Thursday, 24 August 2017

Abortion revisited


2310 words, 12 min read

Of all moral questions, abortion has for a long time been of very little interest to me, primarily because it just looked like such an open and shut case. A fetus is a human being and killing it is intrinsically evil,1 just like the killing of any other human. Since the fetus is furthermore defenseless and voiceless, its murder is even more reprehensible and unjustifiable. This, complemented by a strong sense of the need for mercy and compassion for all involved, regardless of their views or actions, is pretty much where I stood in 2013, when I last wrote about this subject, reflecting also on Pope Francis’ words about it at the time.

As far as the fetus is concerned, nothing has changed and I stand by what I wrote some four years ago. But, what about the mother? Where does the fetus’ right to life and the absolute evil of his or her murder heave her? What if she herself is a victim and feels coerced to abort? And why is it that abortion is promoted by clearly rational, well-meaning people and presented as intrinsic to curbing the injustice of gender-based discrimination? Yes, there may also be ulterior motives behind a promotion of abortion, but I find it increasingly hard to believe that that is all there is to it. As a result, I have set out to look into what motivates the promoters of abortion, with a desire to discover what good I may find.2

Let me start with philosophy, where my enquiry into abortion has lead me to the work of Judith Jarvis Thomson, who wrote “A Defense of Abortion” in 1971. Unlike the customary discussions about the human personhood or otherwise of the fetus, where abortion opponents affirm it and proponents deny it, Thomson asks the question of whether the inadmissibility of abortion can be taken for granted even if the fetus is taken to be a human person. With that starting point, she proposes the following thought experiment to test whether the fetus’ human personhood, and the right to life derived from it, necessarily lead to a prohibition of abortion:
“[I]magine this: You wake up in the morning and find yourself back to back in bed with an unconscious violinist. A famous unconscious violinist. He has been found to have a fatal kidney ailment, and the Society of Music Lovers has canvassed all the available medical records and found that you alone have the right blood type to help. They have therefore kidnapped you, and last night the violinist’s circulatory system was plugged into yours, so that your kidneys can be used to extract poisons from his blood as well as your own. The director of the hospital now tells you, “Look, we’re sorry the Society of Music Lovers did this to you--we would never have permitted it if we had known. But still, they did it, and the violinist is now plugged into you. To unplug you would be to kill him. But never mind, it’s only for nine months. By then he will have recovered from his ailment, and can safely be unplugged from you.” Is it morally incumbent on you to accede to this situation? No doubt it would be very nice of you if you did, a great kindness. But do you have to accede to it? What if it were not nine months, but nine years? Or longer still? What if the director of the hospital says. “Tough luck. I agree. but now you’ve got to stay in bed, with the violinist plugged into you, for the rest of your life. Because remember this. All persons have a right to life, and violinists are persons. Granted you have a right to decide what happens in and to your body, but a person’s right to life outweighs your right to decide what happens in and to your body. So you cannot ever be unplugged from him.” I imagine you would regard this as outrageous, which suggests that something really is wrong with that plausible-sounding argument I mentioned a moment ago.”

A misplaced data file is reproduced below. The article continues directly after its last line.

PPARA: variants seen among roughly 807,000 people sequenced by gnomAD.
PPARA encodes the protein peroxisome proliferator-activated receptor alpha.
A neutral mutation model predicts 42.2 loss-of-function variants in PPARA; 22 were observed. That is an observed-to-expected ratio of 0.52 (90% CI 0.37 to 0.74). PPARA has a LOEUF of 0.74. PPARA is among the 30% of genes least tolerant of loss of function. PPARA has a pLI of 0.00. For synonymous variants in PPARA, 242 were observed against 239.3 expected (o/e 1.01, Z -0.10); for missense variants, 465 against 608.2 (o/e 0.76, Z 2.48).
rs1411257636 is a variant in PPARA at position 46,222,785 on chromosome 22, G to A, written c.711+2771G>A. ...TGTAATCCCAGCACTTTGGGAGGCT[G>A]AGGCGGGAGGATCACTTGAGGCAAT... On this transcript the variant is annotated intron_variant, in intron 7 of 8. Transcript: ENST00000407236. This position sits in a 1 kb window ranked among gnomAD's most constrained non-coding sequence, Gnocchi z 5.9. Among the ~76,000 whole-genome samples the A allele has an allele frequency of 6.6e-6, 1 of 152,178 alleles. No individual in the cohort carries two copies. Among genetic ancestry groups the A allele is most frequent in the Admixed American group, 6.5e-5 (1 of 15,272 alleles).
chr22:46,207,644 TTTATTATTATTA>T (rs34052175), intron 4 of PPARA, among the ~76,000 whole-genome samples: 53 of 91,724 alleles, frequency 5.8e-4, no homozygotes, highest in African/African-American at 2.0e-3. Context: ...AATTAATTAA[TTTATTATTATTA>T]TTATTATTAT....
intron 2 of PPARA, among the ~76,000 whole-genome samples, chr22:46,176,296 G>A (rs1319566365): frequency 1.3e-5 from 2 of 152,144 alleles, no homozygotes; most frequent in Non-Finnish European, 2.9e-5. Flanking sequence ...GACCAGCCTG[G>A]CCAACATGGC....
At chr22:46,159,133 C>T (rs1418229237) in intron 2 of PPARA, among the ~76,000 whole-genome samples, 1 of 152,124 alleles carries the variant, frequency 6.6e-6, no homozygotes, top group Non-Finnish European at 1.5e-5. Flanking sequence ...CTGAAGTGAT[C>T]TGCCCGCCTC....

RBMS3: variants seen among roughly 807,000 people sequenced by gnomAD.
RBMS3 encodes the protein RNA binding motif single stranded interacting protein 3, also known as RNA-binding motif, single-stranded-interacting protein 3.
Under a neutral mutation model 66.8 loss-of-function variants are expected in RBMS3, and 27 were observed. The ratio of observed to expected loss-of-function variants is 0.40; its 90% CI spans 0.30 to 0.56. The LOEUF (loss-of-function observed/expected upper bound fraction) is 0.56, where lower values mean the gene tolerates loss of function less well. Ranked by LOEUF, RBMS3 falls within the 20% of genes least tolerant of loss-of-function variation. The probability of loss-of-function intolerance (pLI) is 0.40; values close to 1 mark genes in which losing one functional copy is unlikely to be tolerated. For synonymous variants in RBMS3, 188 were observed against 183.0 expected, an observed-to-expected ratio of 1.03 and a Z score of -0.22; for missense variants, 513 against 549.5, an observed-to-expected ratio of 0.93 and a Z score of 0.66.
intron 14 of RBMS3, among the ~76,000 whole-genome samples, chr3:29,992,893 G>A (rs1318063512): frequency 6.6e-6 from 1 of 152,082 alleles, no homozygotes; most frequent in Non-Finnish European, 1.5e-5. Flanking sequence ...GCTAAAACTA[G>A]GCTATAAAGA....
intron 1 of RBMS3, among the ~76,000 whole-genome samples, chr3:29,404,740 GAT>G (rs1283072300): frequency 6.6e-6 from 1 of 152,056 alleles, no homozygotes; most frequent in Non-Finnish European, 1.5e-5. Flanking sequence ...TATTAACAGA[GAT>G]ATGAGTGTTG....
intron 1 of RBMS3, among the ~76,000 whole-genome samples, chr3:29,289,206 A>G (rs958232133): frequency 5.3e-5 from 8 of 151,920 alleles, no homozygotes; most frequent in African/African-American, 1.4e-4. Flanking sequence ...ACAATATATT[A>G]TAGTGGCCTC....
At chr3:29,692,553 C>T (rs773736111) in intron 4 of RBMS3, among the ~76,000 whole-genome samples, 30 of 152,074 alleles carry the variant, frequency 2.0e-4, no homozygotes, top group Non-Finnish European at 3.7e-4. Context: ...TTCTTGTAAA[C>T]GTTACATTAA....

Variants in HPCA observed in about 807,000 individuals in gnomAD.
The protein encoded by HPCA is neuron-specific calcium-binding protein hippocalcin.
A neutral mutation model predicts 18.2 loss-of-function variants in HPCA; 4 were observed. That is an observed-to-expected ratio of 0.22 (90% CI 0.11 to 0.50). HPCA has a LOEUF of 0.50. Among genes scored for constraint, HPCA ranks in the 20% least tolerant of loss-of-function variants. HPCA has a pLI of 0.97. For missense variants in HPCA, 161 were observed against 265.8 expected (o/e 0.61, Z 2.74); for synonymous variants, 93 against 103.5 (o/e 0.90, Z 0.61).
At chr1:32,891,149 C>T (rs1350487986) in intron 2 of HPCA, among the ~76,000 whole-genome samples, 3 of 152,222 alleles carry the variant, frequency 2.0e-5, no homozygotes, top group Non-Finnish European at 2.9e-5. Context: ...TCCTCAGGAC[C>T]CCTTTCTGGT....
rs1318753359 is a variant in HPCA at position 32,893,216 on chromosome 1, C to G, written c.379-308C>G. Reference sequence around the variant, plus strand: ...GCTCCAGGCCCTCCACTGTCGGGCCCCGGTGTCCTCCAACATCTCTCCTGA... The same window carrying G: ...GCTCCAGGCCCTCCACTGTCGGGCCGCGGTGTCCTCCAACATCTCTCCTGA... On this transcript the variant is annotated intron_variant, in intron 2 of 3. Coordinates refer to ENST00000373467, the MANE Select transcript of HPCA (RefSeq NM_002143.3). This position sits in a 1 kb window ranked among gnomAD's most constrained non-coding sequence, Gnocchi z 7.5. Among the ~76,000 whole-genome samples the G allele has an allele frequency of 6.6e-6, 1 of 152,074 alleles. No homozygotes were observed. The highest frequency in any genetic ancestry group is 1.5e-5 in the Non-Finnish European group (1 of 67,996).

In the process of developing this initial thought experiment, which I think is ingenious and a great tool for digging deeper into what is involved when considering the rights and relationship of a mother and her unborn child, Thomson argues that unplugging the violinist would not be unjust since “you gave him no right to use your kidneys, and no one else can have given him any such right.” She then goes on to suggesting that a key difference between the thought experiment and the mother-fetus relationship is that the “fetus is dependent on the mother, [...] that she has a special kind of responsibility for it, a responsibility that gives it rights against her which are not possessed by any independent person--such as an ailing violinist who is a stranger to her.” Thomson argues though that this special relationship “would give the unborn person a right to its mother’s body only if her pregnancy resulted from a voluntary act, undertaken in full knowledge of the chance a pregnancy might result from it. It would leave out entirely the unborn person whose existence is due to rape.”